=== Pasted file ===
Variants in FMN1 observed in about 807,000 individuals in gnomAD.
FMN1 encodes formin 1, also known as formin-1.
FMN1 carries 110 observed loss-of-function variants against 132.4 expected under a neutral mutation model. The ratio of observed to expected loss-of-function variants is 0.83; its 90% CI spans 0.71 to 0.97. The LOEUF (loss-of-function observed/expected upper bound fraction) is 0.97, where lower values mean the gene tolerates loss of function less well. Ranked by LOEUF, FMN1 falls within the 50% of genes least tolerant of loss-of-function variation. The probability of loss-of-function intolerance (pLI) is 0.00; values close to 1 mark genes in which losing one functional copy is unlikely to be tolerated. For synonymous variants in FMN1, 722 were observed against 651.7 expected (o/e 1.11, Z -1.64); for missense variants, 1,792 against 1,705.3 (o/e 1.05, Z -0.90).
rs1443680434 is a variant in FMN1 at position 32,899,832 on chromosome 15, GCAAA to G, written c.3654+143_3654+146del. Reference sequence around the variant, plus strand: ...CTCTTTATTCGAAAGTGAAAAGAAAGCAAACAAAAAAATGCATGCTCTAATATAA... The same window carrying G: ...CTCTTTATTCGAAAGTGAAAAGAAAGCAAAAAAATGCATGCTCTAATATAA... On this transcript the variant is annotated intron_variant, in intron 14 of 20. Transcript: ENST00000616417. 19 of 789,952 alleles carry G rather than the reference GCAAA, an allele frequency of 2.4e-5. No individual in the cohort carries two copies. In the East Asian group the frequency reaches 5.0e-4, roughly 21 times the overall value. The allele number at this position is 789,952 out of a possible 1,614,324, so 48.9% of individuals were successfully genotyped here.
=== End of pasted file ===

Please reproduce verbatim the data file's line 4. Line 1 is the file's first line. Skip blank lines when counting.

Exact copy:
rs1443680434 is a variant in FMN1 at position 32,899,832 on chromosome 15, GCAAA to G, written c.3654+143_3654+146del. Reference sequence around the variant, plus strand: ...CTCTTTATTCGAAAGTGAAAAGAAAGCAAACAAAAAAATGCATGCTCTAATATAA... The same window carrying G: ...CTCTTTATTCGAAAGTGAAAAGAAAGCAAAAAAATGCATGCTCTAATATAA... On this transcript the variant is annotated intron_variant, in intron 14 of 20. Transcript: ENST00000616417. 19 of 789,952 alleles carry G rather than the reference GCAAA, an allele frequency of 2.4e-5. No individual in the cohort carries two copies. In the East Asian group the frequency reaches 5.0e-4, roughly 21 times the overall value. The allele number at this position is 789,952 out of a possible 1,614,324, so 48.9% of individuals were successfully genotyped here.